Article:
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British Culture, Traditions and Customs

British Culture, Traditions and Customs
This page has moved to ProjectBritain.com our new British life and Culture website Britain is full of culture and traditions which have been around for hundreds of years. British customs and traditions are famous all over the world. When people think of Britain they often think of people drinking tea, eating fish and chips and wearing bowler hats, but there is more to Britain than just those things. Enjoy!

http://resources.woodlands-junior.kent.sch.uk/customs/

Related:  Great Britain

Symbols of the United Kingdom, the Channel Islands and the Isle of Man This is a list of the symbols of the United Kingdom, its constituent countries (England, Scotland, Wales and Northern Ireland), and the British Crown dependencies (the Channel Islands and Isle of Man). Each separate entry has its own set of unique symbols. Symbols of the United Kingdom of Great Britain and Northern Ireland[edit] Cultural Symbols of Britain[edit] USA Geography - Map Game - Geography Online Games "I stumbled upon your fun interactive geography games from a link on the Massachusetts Geographic Alliance Website. Since then, your games have become quite a hit with my competitive colleagues!" --Candice Gomes, Education Outreach Coordinator, Boston Public Library Sheppard Software's geography games were featured in the Boston Public Library's 2006 Exhibition on Mapping!

The British Education System - British Culture, Customs and Traditions With dictionary look up - Double click on any word for its definition. This section is in advanced English and is only intended to be a guide, not to be taken too seriously! England

Love English: 10 things to see in London (magazine article) 'I love English': magazines designed for language learners that can be used in classroom as extra activities to add colour and motivated students. - talk about London - read about the 'top 10 things to see in London' - complete the activities The Education Website - information on the British education system In England and Wales, children are required to attend school between the ages of 5 and 15, though of course they can attend outside these age ranges. The two main types of schools are Primary and Secondary, which can sometime be split into different types. Here is a list with all the different key stages for the British Education system: Primary: Age 5 - 11 years Many primary age schools are split up into Infant (Key Stage 1) and Junior (Key Stage 2) schools.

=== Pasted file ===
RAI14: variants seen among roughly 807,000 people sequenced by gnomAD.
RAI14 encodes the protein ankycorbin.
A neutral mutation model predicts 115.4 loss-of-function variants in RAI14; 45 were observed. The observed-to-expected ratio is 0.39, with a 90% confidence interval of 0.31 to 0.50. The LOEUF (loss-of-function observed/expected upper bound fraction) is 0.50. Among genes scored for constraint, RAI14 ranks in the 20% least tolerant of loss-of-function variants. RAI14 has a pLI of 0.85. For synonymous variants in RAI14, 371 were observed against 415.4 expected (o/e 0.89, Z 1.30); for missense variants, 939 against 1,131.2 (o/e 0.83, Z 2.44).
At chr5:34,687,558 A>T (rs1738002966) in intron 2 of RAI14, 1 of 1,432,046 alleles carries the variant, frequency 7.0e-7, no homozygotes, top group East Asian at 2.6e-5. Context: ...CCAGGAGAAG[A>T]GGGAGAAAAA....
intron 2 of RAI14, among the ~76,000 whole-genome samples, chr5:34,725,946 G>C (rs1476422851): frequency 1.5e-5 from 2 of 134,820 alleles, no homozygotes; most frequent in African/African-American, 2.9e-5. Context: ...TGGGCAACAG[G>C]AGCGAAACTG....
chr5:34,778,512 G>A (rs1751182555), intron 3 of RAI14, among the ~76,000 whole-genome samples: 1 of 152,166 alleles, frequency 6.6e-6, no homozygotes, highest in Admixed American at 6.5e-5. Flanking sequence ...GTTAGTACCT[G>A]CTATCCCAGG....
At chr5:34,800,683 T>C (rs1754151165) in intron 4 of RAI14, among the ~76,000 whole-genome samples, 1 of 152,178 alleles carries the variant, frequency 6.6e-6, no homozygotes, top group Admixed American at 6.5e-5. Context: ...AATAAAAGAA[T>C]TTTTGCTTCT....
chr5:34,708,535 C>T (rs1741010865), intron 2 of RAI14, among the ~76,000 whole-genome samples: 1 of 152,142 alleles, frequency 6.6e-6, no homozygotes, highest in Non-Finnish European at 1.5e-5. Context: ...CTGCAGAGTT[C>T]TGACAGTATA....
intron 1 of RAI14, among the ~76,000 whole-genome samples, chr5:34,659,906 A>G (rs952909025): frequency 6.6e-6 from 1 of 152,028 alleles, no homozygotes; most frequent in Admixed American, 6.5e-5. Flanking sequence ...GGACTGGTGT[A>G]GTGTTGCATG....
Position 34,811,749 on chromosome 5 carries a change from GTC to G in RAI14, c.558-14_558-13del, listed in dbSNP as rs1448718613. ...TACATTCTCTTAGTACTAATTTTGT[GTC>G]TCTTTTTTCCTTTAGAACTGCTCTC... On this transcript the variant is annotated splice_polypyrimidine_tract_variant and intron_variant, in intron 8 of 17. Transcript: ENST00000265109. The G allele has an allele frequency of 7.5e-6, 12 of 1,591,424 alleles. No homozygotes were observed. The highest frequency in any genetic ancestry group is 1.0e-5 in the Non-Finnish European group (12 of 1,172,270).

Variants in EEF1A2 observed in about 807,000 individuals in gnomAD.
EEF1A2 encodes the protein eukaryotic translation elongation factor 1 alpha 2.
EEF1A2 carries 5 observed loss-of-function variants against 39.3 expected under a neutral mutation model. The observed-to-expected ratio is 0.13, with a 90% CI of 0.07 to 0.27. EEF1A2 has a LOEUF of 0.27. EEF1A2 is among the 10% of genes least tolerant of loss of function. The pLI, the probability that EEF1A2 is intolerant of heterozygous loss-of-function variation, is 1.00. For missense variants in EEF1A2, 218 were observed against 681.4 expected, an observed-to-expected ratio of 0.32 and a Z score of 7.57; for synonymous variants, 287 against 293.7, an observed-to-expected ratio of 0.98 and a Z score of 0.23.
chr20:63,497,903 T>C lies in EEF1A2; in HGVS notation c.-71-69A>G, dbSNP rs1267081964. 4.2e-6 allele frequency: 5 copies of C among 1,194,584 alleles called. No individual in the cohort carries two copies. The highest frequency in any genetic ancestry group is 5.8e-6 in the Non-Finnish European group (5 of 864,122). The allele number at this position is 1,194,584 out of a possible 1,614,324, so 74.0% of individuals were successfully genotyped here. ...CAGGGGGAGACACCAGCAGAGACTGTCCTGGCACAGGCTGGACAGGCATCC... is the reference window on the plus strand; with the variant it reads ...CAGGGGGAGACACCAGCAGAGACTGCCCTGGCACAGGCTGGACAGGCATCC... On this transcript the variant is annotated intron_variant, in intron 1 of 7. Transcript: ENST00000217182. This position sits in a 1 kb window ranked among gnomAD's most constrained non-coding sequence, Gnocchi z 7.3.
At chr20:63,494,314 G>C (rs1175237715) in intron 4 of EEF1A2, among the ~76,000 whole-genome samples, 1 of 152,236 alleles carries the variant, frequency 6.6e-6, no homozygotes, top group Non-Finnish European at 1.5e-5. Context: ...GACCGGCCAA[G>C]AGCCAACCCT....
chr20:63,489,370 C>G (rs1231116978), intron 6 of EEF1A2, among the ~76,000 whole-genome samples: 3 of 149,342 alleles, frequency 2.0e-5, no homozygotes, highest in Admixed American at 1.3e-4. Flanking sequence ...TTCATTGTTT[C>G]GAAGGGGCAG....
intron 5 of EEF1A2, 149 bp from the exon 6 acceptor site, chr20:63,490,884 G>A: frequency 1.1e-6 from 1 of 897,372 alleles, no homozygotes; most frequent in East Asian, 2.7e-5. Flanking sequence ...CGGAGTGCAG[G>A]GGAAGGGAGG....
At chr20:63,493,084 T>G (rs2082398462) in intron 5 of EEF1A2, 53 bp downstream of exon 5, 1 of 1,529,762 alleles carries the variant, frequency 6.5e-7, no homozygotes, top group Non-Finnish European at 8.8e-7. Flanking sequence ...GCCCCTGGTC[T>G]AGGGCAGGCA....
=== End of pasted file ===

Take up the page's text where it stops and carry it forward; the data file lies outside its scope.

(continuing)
Learning about War: Using BBC Video to Teach the Second World War The Second World War dominates the landscape of the twentieth century. Just over two decades after the ‘war to end all wars’, Europe was again plunged into turmoil following the German invasion of Poland. What followed was one of the most destructive wars in history. Learning about war is key to understanding the events of the twentieth century, which irrevocably changed the future as well as the map of Europe. Video can give substance to these world-altering events and gives students a real sense of what it must have been like to experience them first-hand.

Education in England - Chapter 6 Education in England: a brief historyDerek Gillard © copyright Derek Gillard 2011Education in England: a brief history is my copyright. You are welcome to download it and print it for your own personal use, or for use in a school or other educational establishment, provided my name as the author is attached. But you may not publish it, upload it onto any other website, or sell it, without my permission. Teenagers and UK culture Why bring UK culture to the teen classroom? We can introduce UK culture into the English classroom to help our students improve their English and at the same time learn about values and ways of doing things which may be different to theirs. Learning about life and culture in the UK can be very motivating as it brings the language alive for learners and creates a link between language and real life.

comprehensive schools: the history Richard Pring and Geoffrey Walford explain why they think comprehensives are worth fighting for. The idea for the comprehensive school, where children of all backgrounds and abilities would be educated in a single school, goes back to the 1920s. "The idea was there before the war," says Brian Simon, emeritus professor of education at Leicester University. "It had strong proponents. Stonehenge - Tour around Britain Stonehenge is a mystical place. Its stone circles are probably more than 4,000 years old. The huge stones come from an area about 30 km north of Stonehenge. The smaller stones possibly are from the Preseli Mountains in Wales, almost 400 km away from Stonehenge.

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